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Modeling impacts of climate change on air quality and associated human exposures

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TitleInfo
Title
Modeling impacts of climate change on air quality and associated human exposures
Name (type = personal)
NamePart (type = family)
Cai
NamePart (type = given)
Ting
NamePart (type = date)
1987-
DisplayForm
Ting Cai
Role
RoleTerm (authority = RULIB)
author
Name (type = personal)
NamePart (type = family)
Georgopoulos
NamePart (type = given)
Panos G
DisplayForm
Panos G Georgopoulos
Affiliation
Advisory Committee
Role
RoleTerm (authority = RULIB)
chair
Name (type = personal)
NamePart (type = family)
Broccoli
NamePart (type = given)
Tony
DisplayForm
Tony Broccoli
Affiliation
Advisory Committee
Role
RoleTerm (authority = RULIB)
internal member
Name (type = personal)
NamePart (type = family)
Weisel
NamePart (type = given)
Clifford
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Clifford Weisel
Affiliation
Advisory Committee
Role
RoleTerm (authority = RULIB)
internal member
Name (type = personal)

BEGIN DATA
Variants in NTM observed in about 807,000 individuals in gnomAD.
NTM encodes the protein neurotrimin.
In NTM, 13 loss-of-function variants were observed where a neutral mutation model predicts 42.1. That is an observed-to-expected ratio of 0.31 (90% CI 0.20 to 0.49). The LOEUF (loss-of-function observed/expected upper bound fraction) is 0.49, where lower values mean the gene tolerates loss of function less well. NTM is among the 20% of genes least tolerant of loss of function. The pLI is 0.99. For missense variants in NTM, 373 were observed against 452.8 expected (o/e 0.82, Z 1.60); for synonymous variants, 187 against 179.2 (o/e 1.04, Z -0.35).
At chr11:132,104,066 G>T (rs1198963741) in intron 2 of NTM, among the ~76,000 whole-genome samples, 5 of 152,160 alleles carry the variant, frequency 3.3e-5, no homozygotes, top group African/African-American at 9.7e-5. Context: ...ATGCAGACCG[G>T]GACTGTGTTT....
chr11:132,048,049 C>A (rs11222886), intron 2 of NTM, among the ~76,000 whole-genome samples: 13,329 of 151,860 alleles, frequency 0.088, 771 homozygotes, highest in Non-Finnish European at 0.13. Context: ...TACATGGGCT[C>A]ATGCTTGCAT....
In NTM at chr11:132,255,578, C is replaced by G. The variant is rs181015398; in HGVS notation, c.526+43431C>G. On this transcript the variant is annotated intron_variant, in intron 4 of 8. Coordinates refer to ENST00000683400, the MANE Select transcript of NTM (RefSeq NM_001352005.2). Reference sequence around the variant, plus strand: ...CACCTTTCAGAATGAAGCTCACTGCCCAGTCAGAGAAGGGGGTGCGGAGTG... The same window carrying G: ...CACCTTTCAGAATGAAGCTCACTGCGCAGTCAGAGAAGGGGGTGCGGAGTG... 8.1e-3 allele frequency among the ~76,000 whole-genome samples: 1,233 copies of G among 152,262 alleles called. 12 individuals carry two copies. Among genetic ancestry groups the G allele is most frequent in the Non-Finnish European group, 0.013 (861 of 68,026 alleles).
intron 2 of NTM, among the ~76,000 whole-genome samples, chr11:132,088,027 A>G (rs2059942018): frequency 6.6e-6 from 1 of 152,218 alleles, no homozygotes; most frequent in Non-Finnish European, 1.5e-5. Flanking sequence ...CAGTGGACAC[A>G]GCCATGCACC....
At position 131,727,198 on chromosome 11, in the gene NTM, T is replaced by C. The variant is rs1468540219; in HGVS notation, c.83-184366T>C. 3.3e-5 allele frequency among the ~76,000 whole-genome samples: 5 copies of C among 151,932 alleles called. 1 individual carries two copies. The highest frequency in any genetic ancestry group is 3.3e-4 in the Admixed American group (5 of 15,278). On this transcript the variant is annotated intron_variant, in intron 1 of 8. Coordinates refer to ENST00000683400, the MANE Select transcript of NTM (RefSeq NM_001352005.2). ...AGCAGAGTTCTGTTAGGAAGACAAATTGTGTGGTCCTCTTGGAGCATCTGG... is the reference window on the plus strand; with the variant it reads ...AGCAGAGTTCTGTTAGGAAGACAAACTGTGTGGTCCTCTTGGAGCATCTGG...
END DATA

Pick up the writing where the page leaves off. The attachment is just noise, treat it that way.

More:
NamePart (type = family)
He
NamePart (type = given)
Shan
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Shan He
Affiliation
Advisory Committee
Role
RoleTerm (authority = RULIB)
outside member
Name (type = corporate)
NamePart
Rutgers University
Role
RoleTerm (authority = RULIB)
degree grantor
Name (type = corporate)
NamePart
School of Graduate Studies
Role
RoleTerm (authority = RULIB)
school
TypeOfResource
Text
Genre (authority = marcgt)
theses
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DateCreated (encoding = w3cdtf); (qualifier = exact)
2019
DateOther (encoding = w3cdtf); (qualifier = exact); (type = degree)
2019-10
CopyrightDate (encoding = w3cdtf); (qualifier = exact)
2019
Language
LanguageTerm (authority = ISO 639-3:2007); (type = text)
English
Abstract (type = abstract)